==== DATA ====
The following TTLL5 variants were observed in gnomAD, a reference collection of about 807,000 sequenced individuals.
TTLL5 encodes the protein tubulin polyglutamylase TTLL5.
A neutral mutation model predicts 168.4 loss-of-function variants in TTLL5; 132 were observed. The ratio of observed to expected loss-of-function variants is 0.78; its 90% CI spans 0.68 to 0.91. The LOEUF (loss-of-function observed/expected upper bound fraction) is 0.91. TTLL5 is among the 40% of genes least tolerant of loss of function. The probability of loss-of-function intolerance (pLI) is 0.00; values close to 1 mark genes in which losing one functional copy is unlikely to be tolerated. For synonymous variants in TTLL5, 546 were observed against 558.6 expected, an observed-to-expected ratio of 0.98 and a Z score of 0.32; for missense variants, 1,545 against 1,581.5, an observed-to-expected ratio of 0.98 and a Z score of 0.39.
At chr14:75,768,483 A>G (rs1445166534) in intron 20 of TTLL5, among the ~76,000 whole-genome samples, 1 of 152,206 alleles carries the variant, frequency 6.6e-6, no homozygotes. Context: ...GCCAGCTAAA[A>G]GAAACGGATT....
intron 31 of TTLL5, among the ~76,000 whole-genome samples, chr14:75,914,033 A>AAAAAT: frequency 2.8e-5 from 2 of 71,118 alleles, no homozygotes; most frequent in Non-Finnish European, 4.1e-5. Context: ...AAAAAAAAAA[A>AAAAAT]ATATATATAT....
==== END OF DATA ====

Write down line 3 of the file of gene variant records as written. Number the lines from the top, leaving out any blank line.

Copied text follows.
A neutral mutation model predicts 168.4 loss-of-function variants in TTLL5; 132 were observed. The ratio of observed to expected loss-of-function variants is 0.78; its 90% CI spans 0.68 to 0.91. The LOEUF (loss-of-function observed/expected upper bound fraction) is 0.91. TTLL5 is among the 40% of genes least tolerant of loss of function. The probability of loss-of-function intolerance (pLI) is 0.00; values close to 1 mark genes in which losing one functional copy is unlikely to be tolerated. For synonymous variants in TTLL5, 546 were observed against 558.6 expected, an observed-to-expected ratio of 0.98 and a Z score of 0.32; for missense variants, 1,545 against 1,581.5, an observed-to-expected ratio of 0.98 and a Z score of 0.39.